Tighter US restrictions against Huawei are going into effect September 15, and companies around the world are being forced to pick a side. We've already seen the world's largest foundry, TSMC, say it will no longer do business with Huawei, even though Huawei was crowned the world's largest smartphone manufacturer last quarter. The next companies to drop out are Samsung, LG, and SK Hynix, according to a pair of reports from Korean site Chosun Ilbo.
First up, Chosun Ilbo reports that Samsung Electronics and SK Hynix have both said they will stop selling chips to Huawei. Samsung is the world's No.1 memory maker, and SK Hynix is No.2, so Huawei will have to source NAND flash and DRAM memory from somewhere else. The No.3 memory manufacturer provider is American company Micron, which has already shunned Huawei. In the RAM market, Samsung, SK Hynix, and Micron are the "big three" manufacturers and combined have around 94 percent market share. All three are also major players in the NAND flash-memory market, which, according to Statista, goes Samsung (35.5 percent), Kioxia (18.7 percent, formerly Toshiba Memory), Western Digital (14.7 percent), Micron (11.3 percent), Intel (9.7 percent), and SK Hynix (9.6 percent). Those manufacturers, covering 99.5 percent of the market, all reside in the United States, Japan, or South Korea, so no one seems likely to sell to Huawei. Things are looking grim.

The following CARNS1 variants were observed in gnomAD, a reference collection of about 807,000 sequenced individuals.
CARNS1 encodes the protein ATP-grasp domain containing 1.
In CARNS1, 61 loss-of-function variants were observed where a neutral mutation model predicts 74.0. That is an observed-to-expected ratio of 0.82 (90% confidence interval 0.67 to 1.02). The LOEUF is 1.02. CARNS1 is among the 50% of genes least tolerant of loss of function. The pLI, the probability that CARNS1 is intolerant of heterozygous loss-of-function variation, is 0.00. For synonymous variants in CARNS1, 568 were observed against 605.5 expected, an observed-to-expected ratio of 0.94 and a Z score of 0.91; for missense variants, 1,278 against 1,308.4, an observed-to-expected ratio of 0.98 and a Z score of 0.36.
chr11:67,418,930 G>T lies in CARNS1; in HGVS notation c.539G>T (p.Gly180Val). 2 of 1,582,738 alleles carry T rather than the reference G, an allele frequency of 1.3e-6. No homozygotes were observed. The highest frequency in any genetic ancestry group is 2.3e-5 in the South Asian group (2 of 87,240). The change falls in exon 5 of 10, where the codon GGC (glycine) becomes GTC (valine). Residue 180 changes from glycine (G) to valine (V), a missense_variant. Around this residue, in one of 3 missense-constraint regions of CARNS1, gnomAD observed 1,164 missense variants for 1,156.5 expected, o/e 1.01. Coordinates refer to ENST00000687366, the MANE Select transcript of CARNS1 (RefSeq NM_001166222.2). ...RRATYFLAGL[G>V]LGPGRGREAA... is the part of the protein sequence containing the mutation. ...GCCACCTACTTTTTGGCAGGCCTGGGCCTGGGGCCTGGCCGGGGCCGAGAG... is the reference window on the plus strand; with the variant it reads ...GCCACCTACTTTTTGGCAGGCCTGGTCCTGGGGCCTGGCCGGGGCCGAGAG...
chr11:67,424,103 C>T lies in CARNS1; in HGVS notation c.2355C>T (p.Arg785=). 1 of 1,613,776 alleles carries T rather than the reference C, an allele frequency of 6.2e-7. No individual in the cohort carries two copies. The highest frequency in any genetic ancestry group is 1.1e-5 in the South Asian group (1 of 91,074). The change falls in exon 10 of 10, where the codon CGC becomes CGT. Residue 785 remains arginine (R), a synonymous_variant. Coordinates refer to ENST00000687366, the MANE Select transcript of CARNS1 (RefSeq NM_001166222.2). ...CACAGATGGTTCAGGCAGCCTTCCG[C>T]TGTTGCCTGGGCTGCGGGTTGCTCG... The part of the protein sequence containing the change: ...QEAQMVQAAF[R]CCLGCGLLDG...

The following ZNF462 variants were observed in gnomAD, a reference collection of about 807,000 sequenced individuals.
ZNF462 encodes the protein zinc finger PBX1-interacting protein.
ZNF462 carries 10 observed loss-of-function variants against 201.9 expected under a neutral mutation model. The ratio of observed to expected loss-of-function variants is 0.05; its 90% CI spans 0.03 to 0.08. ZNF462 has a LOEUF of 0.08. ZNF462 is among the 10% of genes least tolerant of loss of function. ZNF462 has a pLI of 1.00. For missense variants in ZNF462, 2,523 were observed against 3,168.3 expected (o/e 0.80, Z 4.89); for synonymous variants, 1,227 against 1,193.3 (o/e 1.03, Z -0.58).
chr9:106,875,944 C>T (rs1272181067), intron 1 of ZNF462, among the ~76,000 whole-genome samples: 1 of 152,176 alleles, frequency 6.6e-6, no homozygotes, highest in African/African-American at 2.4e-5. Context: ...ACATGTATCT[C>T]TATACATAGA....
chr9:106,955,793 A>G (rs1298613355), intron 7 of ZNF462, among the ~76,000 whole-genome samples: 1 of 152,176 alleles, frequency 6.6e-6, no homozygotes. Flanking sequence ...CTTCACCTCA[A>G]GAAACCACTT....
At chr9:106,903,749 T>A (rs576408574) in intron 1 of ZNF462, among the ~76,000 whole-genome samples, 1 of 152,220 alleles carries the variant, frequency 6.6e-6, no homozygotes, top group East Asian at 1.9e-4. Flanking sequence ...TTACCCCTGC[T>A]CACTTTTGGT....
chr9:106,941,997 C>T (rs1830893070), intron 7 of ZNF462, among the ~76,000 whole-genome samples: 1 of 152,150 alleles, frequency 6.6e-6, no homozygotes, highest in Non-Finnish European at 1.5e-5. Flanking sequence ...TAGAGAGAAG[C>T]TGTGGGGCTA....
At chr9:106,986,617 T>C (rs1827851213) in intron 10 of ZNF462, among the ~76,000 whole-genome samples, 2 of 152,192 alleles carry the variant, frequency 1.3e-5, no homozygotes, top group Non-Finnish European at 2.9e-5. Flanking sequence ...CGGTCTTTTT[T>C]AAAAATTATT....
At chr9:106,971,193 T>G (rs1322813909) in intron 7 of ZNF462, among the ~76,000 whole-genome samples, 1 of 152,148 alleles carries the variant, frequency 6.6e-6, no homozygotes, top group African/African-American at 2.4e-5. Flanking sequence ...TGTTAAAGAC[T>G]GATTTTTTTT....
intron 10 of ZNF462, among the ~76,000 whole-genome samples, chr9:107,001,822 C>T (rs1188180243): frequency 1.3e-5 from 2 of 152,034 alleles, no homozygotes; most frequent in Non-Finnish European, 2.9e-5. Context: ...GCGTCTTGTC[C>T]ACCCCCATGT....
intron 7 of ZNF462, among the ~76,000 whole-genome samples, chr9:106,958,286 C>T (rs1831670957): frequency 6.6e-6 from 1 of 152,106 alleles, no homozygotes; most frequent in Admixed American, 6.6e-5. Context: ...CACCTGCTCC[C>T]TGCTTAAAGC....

Chosun Ilbo says that Huawei is the world's third-largest purchaser of semiconductors, and the company accounts for 6 percent of Samsung Electronics semiconductor sales and 15 percent of sales for SK Hynix. Huawei has known this ban has been coming for a long time though, and the report says the company has "a two-year inventory."